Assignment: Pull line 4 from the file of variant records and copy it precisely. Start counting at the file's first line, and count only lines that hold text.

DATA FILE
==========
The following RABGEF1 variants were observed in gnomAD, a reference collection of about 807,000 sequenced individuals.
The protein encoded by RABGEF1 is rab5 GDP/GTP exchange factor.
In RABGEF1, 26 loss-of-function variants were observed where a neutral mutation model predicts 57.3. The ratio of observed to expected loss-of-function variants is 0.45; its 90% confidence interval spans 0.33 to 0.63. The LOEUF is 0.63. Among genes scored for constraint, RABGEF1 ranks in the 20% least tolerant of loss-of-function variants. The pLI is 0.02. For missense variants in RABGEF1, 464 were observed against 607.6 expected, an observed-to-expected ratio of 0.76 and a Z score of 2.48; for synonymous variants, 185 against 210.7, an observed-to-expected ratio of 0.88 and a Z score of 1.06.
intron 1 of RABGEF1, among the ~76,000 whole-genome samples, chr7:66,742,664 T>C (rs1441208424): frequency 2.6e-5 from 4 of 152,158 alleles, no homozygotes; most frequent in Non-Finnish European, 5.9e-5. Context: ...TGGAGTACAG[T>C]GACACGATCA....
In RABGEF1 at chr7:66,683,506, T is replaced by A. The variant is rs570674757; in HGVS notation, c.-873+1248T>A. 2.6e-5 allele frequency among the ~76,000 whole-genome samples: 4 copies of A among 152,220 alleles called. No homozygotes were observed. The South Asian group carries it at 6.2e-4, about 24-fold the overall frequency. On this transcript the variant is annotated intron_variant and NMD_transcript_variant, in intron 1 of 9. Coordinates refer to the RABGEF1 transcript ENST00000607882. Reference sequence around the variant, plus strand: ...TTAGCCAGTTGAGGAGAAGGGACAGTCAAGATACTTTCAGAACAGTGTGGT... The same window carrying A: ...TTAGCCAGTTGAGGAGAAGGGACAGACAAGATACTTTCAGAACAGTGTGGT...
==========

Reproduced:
intron 1 of RABGEF1, among the ~76,000 whole-genome samples, chr7:66,742,664 T>C (rs1441208424): frequency 2.6e-5 from 4 of 152,158 alleles, no homozygotes; most frequent in Non-Finnish European, 5.9e-5. Context: ...TGGAGTACAG[T>C]GACACGATCA....